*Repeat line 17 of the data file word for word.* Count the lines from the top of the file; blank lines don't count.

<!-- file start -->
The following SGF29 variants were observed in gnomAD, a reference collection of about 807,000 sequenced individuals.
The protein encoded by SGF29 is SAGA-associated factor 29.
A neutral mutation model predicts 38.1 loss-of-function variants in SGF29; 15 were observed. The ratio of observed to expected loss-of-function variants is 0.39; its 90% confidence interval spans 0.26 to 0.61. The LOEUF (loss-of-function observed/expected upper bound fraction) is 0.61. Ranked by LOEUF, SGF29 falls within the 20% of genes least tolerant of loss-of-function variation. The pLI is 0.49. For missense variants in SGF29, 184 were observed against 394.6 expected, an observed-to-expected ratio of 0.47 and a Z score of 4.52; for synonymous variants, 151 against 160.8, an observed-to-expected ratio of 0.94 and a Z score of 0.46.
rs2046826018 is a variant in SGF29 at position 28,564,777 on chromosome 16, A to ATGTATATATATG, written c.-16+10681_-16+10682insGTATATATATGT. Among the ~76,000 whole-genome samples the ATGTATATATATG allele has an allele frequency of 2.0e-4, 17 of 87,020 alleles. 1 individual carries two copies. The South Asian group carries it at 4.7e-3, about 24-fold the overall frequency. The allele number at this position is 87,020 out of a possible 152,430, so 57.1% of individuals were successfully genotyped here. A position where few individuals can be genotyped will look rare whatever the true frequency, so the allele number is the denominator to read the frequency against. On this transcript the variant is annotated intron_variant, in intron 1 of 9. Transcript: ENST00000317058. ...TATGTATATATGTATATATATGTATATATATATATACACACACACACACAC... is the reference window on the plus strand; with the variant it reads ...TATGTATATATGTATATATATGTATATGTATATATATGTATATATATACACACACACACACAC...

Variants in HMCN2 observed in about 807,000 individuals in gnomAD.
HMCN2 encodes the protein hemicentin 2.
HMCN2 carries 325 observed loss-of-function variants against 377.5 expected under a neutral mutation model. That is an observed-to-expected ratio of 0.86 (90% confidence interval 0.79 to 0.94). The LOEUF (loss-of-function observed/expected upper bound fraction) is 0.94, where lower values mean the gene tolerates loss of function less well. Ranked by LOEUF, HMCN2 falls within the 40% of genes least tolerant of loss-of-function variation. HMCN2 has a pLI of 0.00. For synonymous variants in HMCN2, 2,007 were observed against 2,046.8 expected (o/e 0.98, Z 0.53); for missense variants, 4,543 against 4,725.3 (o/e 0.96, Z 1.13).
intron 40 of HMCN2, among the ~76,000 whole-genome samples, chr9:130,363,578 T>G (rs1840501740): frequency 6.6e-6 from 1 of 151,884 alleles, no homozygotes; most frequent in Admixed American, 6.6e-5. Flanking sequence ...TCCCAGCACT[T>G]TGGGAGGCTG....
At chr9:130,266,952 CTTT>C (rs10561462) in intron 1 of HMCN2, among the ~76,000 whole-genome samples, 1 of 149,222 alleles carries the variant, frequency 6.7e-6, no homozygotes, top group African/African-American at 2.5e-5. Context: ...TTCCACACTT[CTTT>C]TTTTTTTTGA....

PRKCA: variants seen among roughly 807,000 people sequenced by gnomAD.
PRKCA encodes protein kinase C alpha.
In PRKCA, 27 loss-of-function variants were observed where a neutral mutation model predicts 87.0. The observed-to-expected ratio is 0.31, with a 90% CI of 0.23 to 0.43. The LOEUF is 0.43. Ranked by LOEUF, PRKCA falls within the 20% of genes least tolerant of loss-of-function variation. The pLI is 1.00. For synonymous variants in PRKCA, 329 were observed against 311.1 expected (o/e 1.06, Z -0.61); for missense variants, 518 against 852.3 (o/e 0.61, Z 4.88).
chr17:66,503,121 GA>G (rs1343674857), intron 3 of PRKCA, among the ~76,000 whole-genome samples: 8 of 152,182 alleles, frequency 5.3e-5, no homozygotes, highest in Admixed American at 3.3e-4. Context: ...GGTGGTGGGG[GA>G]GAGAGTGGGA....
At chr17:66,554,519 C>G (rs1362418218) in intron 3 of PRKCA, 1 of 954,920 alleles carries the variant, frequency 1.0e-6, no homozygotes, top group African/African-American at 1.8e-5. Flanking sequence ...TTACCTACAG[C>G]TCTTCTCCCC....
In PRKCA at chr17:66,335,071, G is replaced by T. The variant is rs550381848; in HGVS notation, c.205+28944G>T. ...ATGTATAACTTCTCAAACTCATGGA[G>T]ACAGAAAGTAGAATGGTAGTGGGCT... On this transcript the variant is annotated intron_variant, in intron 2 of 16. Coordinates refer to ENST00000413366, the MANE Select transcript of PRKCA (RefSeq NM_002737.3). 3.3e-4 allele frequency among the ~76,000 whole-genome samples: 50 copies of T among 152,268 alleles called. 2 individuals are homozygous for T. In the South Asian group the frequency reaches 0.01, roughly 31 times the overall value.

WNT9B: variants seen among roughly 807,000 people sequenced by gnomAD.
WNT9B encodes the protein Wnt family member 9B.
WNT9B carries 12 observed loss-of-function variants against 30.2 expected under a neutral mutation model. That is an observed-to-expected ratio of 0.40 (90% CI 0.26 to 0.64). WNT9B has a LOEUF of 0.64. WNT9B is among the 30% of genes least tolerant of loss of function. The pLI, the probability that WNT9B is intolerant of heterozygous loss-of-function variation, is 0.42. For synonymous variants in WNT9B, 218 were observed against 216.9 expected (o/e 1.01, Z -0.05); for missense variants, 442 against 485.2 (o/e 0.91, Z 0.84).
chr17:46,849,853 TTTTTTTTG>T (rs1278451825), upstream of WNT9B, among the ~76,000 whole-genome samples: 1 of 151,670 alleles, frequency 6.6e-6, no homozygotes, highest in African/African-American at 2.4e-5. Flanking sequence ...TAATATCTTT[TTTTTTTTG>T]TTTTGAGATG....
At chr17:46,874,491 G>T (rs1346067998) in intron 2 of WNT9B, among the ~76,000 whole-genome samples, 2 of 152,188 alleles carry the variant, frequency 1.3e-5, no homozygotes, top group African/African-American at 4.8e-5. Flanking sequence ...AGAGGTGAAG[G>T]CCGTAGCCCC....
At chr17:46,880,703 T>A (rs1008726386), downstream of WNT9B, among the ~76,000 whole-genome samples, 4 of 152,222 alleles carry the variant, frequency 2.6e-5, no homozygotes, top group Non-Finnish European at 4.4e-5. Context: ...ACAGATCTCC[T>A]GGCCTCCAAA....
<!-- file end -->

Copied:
WNT9B encodes the protein Wnt family member 9B.